Bob Benstead made bread, cakes and pastries, using a coal fired oven in what is now the kitchen.  




The kitchen as it is today - formerly the bakehouse - some of the ironwork is original.



Bob delivered to Snettisham and the neighbouring villages of Sedgeford, Fring, Ingoldisthorpe and Dersingham.  He had a cart and a donkey, which lived in this shed:





There was no inside kitchen in those days, nor a toilet or a bathroom - the outside earth toilet being beyond the donkey shed, with a large and a small wooden seat. The first bathroom was put in in around 1960.


This room, now a dining room, was the main living room:




And this, now my study, was the front parlour:





Many years ago, when Graham Nash was living in Laurel Canyon at Joni Mitchell's house, she brought home some flowers one day, and he composed a song, which he entitled Our House:


Our house
Is a very, very, very fine house (very, very fine house)
With two cats in the yard
Life used to be so hard
Now everything is easy
'Cause of you
And our

I'll light the fire
While you place the flowers
In the vase
That you bought today

I suspect it loses something in translation, and I should point out that we actually have three cats, but the sentiment (and it really is rather sentimental) fits our very fine house......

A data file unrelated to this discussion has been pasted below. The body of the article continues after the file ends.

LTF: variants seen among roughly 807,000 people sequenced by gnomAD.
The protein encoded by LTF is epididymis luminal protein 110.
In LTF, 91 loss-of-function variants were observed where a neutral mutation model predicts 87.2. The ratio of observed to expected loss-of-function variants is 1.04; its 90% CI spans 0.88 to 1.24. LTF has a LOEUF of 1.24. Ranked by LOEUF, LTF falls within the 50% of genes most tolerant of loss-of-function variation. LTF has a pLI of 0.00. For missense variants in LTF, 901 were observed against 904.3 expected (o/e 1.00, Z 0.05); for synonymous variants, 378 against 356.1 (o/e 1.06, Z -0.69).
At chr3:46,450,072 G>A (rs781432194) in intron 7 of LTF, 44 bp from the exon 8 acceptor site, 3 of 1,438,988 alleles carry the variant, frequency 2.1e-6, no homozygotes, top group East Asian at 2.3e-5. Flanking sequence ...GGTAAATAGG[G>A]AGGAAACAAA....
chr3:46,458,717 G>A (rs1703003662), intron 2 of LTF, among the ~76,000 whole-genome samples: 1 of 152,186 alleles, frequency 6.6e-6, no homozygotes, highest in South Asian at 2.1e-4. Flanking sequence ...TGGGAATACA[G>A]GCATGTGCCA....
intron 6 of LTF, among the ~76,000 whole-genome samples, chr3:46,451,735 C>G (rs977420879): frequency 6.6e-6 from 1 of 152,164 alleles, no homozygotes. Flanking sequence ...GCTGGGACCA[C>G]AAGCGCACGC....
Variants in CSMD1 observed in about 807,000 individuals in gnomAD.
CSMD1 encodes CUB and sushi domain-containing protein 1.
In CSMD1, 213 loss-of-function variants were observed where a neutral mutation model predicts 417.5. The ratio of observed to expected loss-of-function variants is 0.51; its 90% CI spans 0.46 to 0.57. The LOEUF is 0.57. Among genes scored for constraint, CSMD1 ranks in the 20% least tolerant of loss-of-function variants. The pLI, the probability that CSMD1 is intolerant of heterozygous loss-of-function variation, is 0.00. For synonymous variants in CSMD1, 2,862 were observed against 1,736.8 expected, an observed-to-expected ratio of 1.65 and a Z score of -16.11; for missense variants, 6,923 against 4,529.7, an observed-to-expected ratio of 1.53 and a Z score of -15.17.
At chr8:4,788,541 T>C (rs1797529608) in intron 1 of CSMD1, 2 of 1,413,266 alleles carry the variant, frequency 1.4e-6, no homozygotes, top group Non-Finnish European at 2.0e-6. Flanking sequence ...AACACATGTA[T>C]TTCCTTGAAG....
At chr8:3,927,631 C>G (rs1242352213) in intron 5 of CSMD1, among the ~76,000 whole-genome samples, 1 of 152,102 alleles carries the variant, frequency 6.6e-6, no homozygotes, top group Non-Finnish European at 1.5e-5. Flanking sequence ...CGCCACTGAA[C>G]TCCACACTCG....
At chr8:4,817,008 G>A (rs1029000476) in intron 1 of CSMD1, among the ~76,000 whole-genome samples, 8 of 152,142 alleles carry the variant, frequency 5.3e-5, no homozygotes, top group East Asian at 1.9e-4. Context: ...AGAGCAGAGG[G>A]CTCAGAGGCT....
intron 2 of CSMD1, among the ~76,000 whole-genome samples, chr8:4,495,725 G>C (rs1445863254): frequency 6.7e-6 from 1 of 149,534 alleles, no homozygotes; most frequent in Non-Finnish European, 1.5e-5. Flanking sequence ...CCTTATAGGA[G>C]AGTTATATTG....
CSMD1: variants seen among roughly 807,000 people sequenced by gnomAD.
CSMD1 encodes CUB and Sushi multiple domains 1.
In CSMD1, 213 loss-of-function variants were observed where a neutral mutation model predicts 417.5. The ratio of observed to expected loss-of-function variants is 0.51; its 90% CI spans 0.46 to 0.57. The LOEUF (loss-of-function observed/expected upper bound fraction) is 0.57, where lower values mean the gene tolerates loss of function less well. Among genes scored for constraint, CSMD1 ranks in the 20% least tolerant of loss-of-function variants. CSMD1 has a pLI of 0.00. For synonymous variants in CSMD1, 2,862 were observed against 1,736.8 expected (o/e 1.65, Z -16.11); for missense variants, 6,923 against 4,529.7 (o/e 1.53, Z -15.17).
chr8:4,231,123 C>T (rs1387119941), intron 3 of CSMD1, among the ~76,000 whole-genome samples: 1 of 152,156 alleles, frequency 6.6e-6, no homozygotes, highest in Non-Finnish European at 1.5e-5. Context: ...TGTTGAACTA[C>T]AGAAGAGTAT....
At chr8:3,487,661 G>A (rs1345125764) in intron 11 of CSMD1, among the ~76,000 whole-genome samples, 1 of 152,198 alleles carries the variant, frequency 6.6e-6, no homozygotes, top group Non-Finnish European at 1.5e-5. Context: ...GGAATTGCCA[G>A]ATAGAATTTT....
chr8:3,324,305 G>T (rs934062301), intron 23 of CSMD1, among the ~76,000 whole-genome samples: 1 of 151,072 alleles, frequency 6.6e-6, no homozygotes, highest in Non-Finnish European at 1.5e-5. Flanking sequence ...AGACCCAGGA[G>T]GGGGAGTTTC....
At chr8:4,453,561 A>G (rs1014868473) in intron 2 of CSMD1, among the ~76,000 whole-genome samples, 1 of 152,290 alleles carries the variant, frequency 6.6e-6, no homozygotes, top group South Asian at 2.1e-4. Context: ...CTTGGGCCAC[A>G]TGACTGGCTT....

Of course we are nowhere near Laurel Canyon, but Snettisham is a fine village:






With, as you can just see in the top left of the board, pride in the Snettisham Hoard, or Snettisham Treasure, which consists of a series of discoveries of Iron Age precious metal, found in the area between 1948 and 1973. The hoard consists of metal, jet and over 150 gold/silver/copper alloy torc fragments, over 70 of which form complete torcs, dating from 70BC. Probably the most famous item from the hoard is the Great Torc from Snettisham, which is now held by the British Museum. Though the origins are unknown, it is of a high enough quality to have been royal treasure of the Iceni.....